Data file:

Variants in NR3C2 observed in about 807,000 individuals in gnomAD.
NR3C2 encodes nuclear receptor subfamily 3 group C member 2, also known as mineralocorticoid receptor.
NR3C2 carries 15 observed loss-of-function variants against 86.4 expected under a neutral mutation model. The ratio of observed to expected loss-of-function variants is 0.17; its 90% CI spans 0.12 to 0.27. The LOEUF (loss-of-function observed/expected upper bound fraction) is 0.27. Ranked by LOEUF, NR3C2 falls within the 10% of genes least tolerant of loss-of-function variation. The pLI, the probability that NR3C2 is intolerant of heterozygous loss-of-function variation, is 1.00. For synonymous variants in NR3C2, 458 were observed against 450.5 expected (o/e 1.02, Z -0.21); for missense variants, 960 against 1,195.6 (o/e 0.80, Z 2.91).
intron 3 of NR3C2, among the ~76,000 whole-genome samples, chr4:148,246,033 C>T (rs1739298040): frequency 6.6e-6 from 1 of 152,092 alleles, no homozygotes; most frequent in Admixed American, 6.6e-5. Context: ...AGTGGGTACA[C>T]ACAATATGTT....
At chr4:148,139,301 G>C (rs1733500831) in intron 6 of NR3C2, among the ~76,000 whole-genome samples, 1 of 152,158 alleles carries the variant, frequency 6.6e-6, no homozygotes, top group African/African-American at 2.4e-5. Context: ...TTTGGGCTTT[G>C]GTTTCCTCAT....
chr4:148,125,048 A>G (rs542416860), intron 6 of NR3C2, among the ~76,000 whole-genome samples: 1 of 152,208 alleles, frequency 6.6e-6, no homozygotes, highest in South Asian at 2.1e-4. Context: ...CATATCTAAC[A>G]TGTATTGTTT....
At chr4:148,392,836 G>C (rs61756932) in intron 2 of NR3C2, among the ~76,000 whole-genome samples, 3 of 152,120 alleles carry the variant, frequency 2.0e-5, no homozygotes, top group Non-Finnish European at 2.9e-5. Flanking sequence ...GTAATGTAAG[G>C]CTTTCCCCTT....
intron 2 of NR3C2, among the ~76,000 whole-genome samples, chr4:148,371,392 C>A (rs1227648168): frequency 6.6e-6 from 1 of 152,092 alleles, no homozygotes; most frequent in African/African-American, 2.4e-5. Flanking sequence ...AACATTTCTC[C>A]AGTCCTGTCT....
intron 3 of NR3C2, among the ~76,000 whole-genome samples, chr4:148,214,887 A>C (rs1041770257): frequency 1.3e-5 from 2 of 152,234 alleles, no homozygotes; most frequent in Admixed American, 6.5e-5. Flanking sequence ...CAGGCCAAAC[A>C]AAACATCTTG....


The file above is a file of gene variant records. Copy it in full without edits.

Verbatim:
Variants in NR3C2 observed in about 807,000 individuals in gnomAD.
NR3C2 encodes nuclear receptor subfamily 3 group C member 2, also known as mineralocorticoid receptor.
NR3C2 carries 15 observed loss-of-function variants against 86.4 expected under a neutral mutation model. The ratio of observed to expected loss-of-function variants is 0.17; its 90% CI spans 0.12 to 0.27. The LOEUF (loss-of-function observed/expected upper bound fraction) is 0.27. Ranked by LOEUF, NR3C2 falls within the 10% of genes least tolerant of loss-of-function variation. The pLI, the probability that NR3C2 is intolerant of heterozygous loss-of-function variation, is 1.00. For synonymous variants in NR3C2, 458 were observed against 450.5 expected (o/e 1.02, Z -0.21); for missense variants, 960 against 1,195.6 (o/e 0.80, Z 2.91).
intron 3 of NR3C2, among the ~76,000 whole-genome samples, chr4:148,246,033 C>T (rs1739298040): frequency 6.6e-6 from 1 of 152,092 alleles, no homozygotes; most frequent in Admixed American, 6.6e-5. Context: ...AGTGGGTACA[C>T]ACAATATGTT....
At chr4:148,139,301 G>C (rs1733500831) in intron 6 of NR3C2, among the ~76,000 whole-genome samples, 1 of 152,158 alleles carries the variant, frequency 6.6e-6, no homozygotes, top group African/African-American at 2.4e-5. Context: ...TTTGGGCTTT[G>C]GTTTCCTCAT....
chr4:148,125,048 A>G (rs542416860), intron 6 of NR3C2, among the ~76,000 whole-genome samples: 1 of 152,208 alleles, frequency 6.6e-6, no homozygotes, highest in South Asian at 2.1e-4. Context: ...CATATCTAAC[A>G]TGTATTGTTT....
At chr4:148,392,836 G>C (rs61756932) in intron 2 of NR3C2, among the ~76,000 whole-genome samples, 3 of 152,120 alleles carry the variant, frequency 2.0e-5, no homozygotes, top group Non-Finnish European at 2.9e-5. Flanking sequence ...GTAATGTAAG[G>C]CTTTCCCCTT....
intron 2 of NR3C2, among the ~76,000 whole-genome samples, chr4:148,371,392 C>A (rs1227648168): frequency 6.6e-6 from 1 of 152,092 alleles, no homozygotes; most frequent in African/African-American, 2.4e-5. Flanking sequence ...AACATTTCTC[C>A]AGTCCTGTCT....
intron 3 of NR3C2, among the ~76,000 whole-genome samples, chr4:148,214,887 A>C (rs1041770257): frequency 1.3e-5 from 2 of 152,234 alleles, no homozygotes; most frequent in Admixed American, 6.5e-5. Flanking sequence ...CAGGCCAAAC[A>C]AAACATCTTG....